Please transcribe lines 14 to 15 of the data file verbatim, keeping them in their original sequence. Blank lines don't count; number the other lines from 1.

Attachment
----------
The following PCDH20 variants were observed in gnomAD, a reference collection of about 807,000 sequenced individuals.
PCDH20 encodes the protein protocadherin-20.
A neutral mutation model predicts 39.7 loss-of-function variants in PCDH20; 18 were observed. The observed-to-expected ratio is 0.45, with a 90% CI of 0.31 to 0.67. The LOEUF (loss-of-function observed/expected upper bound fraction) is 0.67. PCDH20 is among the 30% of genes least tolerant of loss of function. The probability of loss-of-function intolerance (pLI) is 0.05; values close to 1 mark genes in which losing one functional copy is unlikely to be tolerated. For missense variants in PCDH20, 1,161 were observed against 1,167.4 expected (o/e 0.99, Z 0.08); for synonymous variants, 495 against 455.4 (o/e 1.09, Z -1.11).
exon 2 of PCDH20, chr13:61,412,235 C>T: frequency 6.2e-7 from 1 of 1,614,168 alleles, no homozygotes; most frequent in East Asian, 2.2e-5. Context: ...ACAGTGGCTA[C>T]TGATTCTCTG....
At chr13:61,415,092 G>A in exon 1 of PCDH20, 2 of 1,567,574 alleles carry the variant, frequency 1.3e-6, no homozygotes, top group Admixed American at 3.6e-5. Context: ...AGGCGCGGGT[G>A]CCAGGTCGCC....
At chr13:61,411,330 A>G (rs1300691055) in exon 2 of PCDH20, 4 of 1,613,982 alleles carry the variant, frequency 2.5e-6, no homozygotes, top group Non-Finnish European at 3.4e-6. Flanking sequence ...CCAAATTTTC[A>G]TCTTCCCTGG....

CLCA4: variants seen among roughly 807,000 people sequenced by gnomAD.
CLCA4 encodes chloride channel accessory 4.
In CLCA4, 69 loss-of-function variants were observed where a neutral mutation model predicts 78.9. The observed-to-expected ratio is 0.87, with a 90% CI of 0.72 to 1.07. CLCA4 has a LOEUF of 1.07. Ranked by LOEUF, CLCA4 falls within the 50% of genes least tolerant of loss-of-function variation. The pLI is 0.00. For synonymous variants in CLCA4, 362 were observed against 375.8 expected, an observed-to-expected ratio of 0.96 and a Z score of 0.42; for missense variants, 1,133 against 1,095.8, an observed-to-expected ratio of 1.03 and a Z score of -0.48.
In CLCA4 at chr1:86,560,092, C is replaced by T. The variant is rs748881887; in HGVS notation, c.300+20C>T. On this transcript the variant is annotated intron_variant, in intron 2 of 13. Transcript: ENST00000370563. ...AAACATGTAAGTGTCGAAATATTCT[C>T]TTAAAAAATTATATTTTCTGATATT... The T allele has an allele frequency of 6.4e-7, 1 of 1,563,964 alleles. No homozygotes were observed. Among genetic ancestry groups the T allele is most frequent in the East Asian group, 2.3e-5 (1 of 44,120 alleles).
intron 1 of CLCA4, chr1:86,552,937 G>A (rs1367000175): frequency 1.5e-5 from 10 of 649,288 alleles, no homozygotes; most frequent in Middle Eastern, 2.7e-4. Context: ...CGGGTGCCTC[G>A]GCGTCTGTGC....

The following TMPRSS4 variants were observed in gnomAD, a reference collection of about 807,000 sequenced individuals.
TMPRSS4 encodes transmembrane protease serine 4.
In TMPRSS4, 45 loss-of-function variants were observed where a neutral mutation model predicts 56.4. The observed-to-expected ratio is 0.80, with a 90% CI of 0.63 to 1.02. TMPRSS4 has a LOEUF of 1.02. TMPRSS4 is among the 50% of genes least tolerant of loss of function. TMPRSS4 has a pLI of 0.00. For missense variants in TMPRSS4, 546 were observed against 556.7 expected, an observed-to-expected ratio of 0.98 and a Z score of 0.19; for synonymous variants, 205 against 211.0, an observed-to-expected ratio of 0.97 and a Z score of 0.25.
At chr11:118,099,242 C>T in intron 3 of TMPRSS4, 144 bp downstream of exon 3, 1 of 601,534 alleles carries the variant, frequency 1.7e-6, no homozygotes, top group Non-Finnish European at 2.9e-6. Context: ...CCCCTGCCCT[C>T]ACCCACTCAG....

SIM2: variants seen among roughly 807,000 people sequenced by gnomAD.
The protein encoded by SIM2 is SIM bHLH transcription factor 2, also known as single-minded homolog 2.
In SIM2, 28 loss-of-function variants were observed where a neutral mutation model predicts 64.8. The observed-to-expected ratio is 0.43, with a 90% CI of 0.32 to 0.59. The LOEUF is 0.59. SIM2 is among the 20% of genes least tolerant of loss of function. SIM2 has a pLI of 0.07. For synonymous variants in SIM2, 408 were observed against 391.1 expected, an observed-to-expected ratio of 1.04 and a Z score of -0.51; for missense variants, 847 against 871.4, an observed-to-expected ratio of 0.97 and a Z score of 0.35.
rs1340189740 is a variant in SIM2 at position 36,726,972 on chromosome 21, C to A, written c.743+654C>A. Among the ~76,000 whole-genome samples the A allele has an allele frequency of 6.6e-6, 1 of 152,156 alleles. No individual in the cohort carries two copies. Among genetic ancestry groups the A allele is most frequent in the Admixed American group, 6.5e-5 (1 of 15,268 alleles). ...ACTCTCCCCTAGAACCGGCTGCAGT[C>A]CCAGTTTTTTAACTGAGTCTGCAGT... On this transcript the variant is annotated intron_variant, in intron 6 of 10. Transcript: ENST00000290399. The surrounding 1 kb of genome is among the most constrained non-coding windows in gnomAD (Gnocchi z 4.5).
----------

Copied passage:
In TMPRSS4, 45 loss-of-function variants were observed where a neutral mutation model predicts 56.4. The observed-to-expected ratio is 0.80, with a 90% CI of 0.63 to 1.02. TMPRSS4 has a LOEUF of 1.02. TMPRSS4 is among the 50% of genes least tolerant of loss of function. TMPRSS4 has a pLI of 0.00. For missense variants in TMPRSS4, 546 were observed against 556.7 expected, an observed-to-expected ratio of 0.98 and a Z score of 0.19; for synonymous variants, 205 against 211.0, an observed-to-expected ratio of 0.97 and a Z score of 0.25.
At chr11:118,099,242 C>T in intron 3 of TMPRSS4, 144 bp downstream of exon 3, 1 of 601,534 alleles carries the variant, frequency 1.7e-6, no homozygotes, top group Non-Finnish European at 2.9e-6. Context: ...CCCCTGCCCT[C>T]ACCCACTCAG....